The Impact of Natural Disasters on the Banking Sector: Evidence from Hurricane Strikes in the Caribbean
by Michael Brei, Preeya Mohan and Eric Strobl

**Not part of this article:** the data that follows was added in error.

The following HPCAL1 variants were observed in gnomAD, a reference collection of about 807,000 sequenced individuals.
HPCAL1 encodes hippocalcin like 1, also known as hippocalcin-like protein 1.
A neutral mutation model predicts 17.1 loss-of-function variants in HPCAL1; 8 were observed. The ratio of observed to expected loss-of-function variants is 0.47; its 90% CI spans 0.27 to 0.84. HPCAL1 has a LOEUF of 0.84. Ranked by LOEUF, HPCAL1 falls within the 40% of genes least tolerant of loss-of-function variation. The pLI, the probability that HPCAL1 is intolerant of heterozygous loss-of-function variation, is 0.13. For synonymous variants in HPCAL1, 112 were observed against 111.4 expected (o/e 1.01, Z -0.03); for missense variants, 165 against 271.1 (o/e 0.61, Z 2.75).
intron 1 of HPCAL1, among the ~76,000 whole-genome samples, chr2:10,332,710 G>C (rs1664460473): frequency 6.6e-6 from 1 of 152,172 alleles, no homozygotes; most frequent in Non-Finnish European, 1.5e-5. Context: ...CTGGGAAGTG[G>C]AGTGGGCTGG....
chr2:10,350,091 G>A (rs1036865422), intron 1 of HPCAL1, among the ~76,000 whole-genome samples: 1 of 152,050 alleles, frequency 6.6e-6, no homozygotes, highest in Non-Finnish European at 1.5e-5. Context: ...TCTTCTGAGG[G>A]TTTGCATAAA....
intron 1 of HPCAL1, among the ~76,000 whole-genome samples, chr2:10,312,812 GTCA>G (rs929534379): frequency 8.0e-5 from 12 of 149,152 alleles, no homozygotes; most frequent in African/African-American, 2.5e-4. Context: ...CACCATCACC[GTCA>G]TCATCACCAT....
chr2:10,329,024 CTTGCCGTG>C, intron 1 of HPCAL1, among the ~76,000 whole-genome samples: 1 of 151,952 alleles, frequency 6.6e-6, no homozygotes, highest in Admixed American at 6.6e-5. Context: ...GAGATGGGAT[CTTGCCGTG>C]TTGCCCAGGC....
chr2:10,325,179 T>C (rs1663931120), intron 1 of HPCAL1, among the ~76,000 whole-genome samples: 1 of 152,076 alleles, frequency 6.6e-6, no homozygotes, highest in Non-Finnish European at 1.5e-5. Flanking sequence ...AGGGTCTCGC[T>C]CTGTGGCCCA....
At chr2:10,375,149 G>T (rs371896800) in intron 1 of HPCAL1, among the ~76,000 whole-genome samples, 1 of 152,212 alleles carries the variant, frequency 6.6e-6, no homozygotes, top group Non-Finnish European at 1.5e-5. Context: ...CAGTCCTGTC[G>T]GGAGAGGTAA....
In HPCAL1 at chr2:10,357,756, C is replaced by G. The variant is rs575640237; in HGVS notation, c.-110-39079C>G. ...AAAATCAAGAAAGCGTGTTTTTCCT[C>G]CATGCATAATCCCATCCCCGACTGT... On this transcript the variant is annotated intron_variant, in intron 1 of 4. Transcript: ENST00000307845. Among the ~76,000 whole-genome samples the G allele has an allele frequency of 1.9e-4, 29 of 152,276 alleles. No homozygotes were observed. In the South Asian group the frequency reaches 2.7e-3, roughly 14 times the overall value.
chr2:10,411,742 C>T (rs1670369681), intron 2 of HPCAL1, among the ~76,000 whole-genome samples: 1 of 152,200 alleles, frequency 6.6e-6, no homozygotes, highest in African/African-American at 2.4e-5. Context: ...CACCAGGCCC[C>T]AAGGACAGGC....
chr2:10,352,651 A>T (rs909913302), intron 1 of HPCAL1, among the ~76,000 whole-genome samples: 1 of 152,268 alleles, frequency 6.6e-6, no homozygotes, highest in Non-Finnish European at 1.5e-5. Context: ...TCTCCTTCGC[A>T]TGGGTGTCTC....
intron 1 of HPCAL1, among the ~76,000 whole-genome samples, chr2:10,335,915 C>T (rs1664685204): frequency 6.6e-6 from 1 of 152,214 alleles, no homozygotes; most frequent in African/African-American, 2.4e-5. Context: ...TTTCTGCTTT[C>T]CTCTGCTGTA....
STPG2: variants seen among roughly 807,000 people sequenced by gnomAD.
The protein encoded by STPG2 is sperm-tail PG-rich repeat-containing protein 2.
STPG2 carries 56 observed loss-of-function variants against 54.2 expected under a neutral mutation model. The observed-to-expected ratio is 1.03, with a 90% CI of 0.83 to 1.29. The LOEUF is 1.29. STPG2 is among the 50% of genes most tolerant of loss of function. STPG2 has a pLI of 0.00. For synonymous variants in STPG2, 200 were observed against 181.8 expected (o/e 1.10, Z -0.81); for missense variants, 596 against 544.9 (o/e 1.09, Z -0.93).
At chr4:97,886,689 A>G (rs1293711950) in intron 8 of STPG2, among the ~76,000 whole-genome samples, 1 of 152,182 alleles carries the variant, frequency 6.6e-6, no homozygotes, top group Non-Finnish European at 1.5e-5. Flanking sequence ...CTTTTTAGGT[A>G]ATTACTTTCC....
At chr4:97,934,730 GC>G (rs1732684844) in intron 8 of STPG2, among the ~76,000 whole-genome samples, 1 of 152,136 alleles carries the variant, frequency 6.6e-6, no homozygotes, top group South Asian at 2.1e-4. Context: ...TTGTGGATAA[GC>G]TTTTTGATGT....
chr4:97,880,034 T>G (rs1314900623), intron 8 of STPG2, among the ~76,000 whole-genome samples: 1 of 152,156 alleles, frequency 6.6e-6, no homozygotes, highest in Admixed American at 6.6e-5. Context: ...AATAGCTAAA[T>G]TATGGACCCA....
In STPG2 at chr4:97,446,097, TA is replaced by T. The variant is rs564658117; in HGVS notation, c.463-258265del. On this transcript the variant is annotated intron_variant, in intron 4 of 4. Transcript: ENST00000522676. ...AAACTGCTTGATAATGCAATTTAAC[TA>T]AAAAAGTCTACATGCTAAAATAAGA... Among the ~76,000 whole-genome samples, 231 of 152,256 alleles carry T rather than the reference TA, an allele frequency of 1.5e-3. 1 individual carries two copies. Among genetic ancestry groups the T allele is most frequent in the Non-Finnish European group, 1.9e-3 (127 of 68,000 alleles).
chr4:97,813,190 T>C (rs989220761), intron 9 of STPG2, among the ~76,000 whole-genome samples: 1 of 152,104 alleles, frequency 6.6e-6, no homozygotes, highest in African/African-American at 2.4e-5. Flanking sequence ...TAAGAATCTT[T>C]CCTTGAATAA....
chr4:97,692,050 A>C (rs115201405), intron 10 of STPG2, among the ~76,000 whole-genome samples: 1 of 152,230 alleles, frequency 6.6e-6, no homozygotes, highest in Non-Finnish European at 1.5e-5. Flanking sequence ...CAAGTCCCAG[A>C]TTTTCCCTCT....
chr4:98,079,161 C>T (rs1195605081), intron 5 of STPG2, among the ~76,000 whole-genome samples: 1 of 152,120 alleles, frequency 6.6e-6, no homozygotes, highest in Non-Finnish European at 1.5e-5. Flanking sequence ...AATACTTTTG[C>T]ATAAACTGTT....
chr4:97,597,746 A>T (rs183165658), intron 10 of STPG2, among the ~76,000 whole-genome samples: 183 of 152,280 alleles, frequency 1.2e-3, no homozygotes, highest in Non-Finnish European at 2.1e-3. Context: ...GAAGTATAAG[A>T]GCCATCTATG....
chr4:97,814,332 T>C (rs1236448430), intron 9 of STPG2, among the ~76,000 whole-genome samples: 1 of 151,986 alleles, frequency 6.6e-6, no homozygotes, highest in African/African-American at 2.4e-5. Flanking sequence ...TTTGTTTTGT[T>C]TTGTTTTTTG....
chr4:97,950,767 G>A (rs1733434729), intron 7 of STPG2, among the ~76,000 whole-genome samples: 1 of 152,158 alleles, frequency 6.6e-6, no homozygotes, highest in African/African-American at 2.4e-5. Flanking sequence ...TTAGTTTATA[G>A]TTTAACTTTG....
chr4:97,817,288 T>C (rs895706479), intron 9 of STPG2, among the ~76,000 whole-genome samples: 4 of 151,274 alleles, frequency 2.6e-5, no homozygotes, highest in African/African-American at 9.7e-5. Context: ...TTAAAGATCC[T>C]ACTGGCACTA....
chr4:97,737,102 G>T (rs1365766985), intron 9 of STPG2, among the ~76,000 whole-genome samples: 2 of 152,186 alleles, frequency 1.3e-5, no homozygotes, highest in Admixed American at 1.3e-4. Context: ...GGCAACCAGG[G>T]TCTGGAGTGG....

While natural disasters cause considerable damage and a number of studies have attempted to investigate the nature and quantify the magnitude of these losses, there is a paucity of empirical evidence on the impact on the banking sector. In this paper we construct a panel of quarterly banking data and historical losses due to hurricane strikes for islands in the Eastern Caribbean to econometrically investigate the impact of these natural disasters on the banking industry. Our results suggest that, following a hurricane strike, banks face deposit withdrawals and experience a negative funding shock to which they respond by reducing the supply of lending and by drawing on liquid assets. There are no signs of deterioration in loan defaults and bank capital. Therefore, the withdrawal and use of deposits rather than an expansion in credit appears to play a significant role in funding post hurricane recovery in the region. This points to the importance of an active reserve requirement policy.